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Book Review

Breastfeeding Made Simple: Seven Natural Laws for Nursing Mothers

by Nancy Mohrbacher and Kathleen Kendall-Tackett

Reviewed by Lisa Hassan Scott
Dinas Powys UK
From NEW BEGINNINGS, Vol. 24 No. 5, September-October 2007, p. 228

Many mothers find that the early days of breastfeeding are far from straightforward. This unfortunate fact is the reason why La Leche League (LLL) has received so many requests for information and support over the past 50 years. Breastfeeding is the most natural way of feeding our babies -- it is the perfect food, delivered in the perfect way. If breastfeeding is so difficult, however, something has clearly gone wrong.

Breastfeeding Made Simple: Seven Natural Laws for Nursing Mothers is Nancy Mohrbacher and Kathleen Kendall-Tackett's contribution to helping the system get up and running again. By presenting their seven "laws," the authors explain how nature intended breastfeeding to work. Reading this, mothers may be empowered to make mother nature work for them. The authors state, "In order to simplify breastfeeding, we want you to understand the built-in mechanisms, or ‘natural laws,' that make breastfeeding easier for you and your baby. In the process, we also want to avoid giving you lots of left-brained ‘head' knowledge about breastfeeding."

This volume will teach you how to respect your baby's and your own instinctual behaviors to get breastfeeding right for you both. The authors tell us that if breastfeeding was merely about reading the right books, the breastfeeding rate in the US would be one of the highest in the world, which is far from the reality.

Mohrbacher and Kendall-Tackett explain that breastfeeding is a right-brained activity that involves heart or body knowledge rather than head knowledge. In LLL, we talk about trusting our own instincts. Many mothers are so divorced from their instincts that they have lost confidence in their ability to nurture their own babies with their bodies. The authors examine why this is the case, and they offer readers the tools to regain confidence and meet their breastfeeding goals.

The first law, "Babies Are Hardwired to Breastfeed" brings the baby back into the breastfeeding equation. A mother is all too often instructed in a formulaic way how to feed her baby (nose to nipple, tummy to mummy, etc.) while baby is a passive recipient. But the first law illustrates that babies are actually able to self-attach! A mother can encourage this by simply enjoying her baby in skin-to-skin contact in any comfortable position. The baby is waiting for certain sensory cues to tell her it's time to feed; once she has these cues, breastfeeding can happen naturally.

Learning that babies can breastfeed with little or no intervention is one of many "ah-ha!" moments in this book. Newborn reflexes (sucking, pushing with legs, and bobbing the head) are part of a baby's "hardwiring" and ensure the baby's ability to latch on and survive. Moreover, mothers have a hormonal connection to cuddle, stroke, and hold their babies -- mothers are "hardwired," too! So why does breastfeeding often go wrong? In each chapter, the authors explain what happens when things get in the way of the natural laws. Birth interventions, separation of baby and mother, hospital routines, and experiencing a difficult start are all discussed as potentially disruptive factors.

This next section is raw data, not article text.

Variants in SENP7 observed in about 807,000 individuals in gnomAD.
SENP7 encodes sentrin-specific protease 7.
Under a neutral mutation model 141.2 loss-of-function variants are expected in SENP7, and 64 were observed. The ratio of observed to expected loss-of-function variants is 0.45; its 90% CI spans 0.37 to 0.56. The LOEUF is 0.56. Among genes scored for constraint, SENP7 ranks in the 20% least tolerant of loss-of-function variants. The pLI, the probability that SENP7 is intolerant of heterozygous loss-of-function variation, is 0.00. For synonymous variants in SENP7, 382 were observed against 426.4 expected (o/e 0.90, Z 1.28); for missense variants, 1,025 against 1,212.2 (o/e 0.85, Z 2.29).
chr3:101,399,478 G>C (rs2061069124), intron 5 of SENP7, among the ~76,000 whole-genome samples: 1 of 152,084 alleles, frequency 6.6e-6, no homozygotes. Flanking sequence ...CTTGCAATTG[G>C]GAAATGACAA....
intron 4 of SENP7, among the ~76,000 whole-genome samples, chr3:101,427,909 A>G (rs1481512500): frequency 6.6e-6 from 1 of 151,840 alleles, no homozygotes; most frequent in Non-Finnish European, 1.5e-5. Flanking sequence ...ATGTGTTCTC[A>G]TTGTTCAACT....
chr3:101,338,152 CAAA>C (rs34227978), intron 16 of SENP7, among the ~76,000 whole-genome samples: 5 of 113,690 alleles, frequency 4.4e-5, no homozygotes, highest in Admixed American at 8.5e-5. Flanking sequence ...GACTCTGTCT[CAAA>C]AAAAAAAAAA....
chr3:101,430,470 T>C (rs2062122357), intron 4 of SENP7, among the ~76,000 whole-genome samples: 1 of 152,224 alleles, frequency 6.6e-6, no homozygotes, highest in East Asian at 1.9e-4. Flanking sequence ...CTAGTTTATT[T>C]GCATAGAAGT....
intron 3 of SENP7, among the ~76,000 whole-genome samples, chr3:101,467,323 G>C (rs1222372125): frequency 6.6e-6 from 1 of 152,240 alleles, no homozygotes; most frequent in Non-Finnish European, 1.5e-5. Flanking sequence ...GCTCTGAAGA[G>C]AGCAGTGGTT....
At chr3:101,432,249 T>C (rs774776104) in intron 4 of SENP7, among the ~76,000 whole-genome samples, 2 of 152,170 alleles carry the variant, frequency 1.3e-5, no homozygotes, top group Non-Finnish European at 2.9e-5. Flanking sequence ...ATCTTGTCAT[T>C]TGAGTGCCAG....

Each of these laws is like a piece of a jigsaw puzzle. One builds on another until we have a complete picture of how breastfeeding can work. If the baby is held in close contact, and the mother responds to the baby's hardwiring, she is on the road to successful breastfeeding. Successful breastfeeding depends on the mother getting her nipple into the "comfort zone" of her baby's mouth (Law 3), so that her baby gets plenty of milk and the mother can breastfeed without pain. Once this is achieved, feeding the baby frequently will stimulate a mother's milk supply(Law 4). As we near the end of part one, we begin to see how breastfeeding can work when potentially disruptive factors are avoided.

Chapter 8, "What Interferes with the Laws," is of special interest to anyone who would like to know more about how "our culture managed to stray so far from breastfeeding as the biological norm...." What comes across loud and clear is that fads in parenting advice, commercial pressures, and a general ignorance about breastfeeding in both the lay and medical communities have contributed to making breastfeeding one of the most challenging tasks for the new mother.

The second part of Breastfeeding Made Simple discusses how mothers can apply the seven laws to daily life with a baby, what to do in special situations, and how to deal with common breastfeeding challenges. There is an excellent resources section for further information.

In this book, Mohrbacher and Kendall-Tackett present breastfeeding not as a task, but rather as a beautiful dance between mother and baby -- a dance that can be simple and joyful. They remind us that breastfeeding is the gift our bodies were designed to give to our babies, and that it can be both natural and simple.

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